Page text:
When reflecting on her relationship with her students, Yukie Trevathan likens herself to a griot - an African storyteller. She learned the term in a high school literature class when her teacher said a storyteller “was not someone off the street who was able to come to the village and narrate the village’s story, it had to be passed from generation to generation.”
Trevathan grew up in the Edenwald housing projects in the Bronx section of New York City, and now teaches special education at a nearby high school. Specializing in English and history, she says that sharing her personal stories with her students often helps “hook” them and show them the benefits of an education. After her younger brother was murdered in 2001, she resolved to create a better future for herself. She went back to graduate school, earning degrees in school administration and special education.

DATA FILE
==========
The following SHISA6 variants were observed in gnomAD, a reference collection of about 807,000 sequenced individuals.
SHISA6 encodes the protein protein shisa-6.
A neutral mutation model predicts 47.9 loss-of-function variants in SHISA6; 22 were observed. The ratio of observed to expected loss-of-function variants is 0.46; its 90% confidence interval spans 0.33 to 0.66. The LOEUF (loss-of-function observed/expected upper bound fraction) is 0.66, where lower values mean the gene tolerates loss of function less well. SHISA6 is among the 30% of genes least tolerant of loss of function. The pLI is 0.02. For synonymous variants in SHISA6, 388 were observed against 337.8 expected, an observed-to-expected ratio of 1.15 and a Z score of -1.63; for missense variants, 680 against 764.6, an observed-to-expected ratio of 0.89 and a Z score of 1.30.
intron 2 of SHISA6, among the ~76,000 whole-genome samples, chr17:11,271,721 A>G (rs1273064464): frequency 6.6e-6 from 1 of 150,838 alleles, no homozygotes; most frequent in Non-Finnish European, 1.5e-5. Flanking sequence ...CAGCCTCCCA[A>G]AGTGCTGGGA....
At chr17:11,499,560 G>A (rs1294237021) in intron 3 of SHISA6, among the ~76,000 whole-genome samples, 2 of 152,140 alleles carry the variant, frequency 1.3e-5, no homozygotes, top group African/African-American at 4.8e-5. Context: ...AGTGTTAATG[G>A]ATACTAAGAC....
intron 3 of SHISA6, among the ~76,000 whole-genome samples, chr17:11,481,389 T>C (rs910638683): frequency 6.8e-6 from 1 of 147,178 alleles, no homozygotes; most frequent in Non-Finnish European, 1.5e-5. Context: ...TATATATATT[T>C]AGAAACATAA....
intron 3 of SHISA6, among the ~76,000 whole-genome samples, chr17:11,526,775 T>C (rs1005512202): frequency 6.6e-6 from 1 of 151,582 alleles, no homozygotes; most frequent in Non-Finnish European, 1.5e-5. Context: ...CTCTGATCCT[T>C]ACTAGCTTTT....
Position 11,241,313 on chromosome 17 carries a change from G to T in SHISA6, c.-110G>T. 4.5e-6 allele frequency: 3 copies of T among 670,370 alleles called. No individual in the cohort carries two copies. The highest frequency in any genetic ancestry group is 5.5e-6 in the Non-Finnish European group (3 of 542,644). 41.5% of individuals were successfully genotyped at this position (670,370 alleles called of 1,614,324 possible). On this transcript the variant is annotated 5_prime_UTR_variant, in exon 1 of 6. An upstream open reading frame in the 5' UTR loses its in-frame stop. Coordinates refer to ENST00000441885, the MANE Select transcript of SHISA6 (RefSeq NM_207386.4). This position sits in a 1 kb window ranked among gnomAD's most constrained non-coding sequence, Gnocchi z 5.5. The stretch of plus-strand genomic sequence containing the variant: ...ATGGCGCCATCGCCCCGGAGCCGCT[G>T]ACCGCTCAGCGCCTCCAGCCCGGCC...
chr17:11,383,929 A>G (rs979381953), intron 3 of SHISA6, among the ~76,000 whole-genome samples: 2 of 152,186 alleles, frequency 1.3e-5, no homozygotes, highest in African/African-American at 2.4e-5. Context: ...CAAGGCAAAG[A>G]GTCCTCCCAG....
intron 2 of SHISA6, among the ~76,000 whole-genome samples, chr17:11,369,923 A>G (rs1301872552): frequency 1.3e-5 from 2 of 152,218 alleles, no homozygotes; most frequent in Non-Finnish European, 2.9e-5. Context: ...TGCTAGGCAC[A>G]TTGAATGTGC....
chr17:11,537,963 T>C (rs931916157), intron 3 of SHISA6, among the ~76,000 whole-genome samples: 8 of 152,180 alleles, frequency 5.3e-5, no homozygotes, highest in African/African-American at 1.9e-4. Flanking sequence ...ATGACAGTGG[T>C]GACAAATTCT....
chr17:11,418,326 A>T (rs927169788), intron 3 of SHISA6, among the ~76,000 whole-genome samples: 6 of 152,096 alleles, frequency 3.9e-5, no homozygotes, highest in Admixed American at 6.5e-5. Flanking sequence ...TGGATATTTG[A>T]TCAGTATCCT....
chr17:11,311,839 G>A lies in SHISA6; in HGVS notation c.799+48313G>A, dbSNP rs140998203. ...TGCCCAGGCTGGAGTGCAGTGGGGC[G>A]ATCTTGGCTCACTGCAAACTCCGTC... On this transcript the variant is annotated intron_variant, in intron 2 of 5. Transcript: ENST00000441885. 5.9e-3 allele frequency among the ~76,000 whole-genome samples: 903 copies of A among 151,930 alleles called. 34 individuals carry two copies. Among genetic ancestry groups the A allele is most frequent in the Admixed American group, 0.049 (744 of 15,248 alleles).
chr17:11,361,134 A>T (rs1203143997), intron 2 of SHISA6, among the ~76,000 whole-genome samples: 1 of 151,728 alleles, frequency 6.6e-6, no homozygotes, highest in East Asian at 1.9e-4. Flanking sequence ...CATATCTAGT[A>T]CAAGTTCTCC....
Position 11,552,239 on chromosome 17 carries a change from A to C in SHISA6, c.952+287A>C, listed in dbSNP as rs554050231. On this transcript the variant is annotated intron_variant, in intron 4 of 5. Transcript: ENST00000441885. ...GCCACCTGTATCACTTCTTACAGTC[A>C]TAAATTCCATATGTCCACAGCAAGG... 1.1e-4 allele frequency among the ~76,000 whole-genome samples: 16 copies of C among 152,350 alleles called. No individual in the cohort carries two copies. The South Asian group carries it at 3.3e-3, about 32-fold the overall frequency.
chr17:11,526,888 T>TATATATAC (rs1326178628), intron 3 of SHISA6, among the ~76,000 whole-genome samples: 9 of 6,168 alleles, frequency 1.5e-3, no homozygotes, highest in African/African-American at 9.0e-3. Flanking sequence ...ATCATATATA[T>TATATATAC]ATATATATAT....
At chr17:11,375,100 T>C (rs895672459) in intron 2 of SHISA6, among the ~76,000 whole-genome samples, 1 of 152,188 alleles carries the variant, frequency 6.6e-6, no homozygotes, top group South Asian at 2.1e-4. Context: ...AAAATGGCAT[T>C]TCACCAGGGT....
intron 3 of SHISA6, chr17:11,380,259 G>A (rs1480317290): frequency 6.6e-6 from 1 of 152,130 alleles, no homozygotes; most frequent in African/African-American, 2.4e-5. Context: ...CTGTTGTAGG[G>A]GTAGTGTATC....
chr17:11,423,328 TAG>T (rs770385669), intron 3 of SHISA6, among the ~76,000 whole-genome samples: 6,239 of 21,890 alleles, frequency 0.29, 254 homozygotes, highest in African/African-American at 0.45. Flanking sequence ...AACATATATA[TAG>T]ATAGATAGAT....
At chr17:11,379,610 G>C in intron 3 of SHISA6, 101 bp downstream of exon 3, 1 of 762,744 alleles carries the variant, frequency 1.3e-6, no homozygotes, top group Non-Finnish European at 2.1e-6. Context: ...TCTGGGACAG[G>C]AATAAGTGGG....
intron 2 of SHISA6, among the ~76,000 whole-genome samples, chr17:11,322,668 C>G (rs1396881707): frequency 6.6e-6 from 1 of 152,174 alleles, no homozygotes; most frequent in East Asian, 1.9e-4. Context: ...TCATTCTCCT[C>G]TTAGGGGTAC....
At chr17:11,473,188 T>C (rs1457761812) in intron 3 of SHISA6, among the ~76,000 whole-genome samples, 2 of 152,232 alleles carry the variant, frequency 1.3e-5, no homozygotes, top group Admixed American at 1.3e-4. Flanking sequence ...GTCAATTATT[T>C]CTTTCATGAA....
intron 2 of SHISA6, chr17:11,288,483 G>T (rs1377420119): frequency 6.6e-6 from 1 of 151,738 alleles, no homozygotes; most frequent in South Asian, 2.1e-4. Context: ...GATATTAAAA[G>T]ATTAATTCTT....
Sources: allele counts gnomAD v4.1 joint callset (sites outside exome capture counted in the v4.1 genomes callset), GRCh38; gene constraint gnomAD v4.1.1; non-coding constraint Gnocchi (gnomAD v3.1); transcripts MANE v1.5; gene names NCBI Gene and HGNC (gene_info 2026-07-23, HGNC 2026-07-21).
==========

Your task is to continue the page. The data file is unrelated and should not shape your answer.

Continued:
Trevathan has a quiet patience in the classroom, and is as quick to smile and encourage students as she is to discipline them. When she was younger, she avoided confrontation by using poetry as an outlet for her feelings. Now, she uses literature to guide her students the way it guided her. She teaches her students to measure success by their educational achievement, rather than by expensive clothes or fancy cars.
“If you get a diploma or degree,” she says, “no one can take that from you.”
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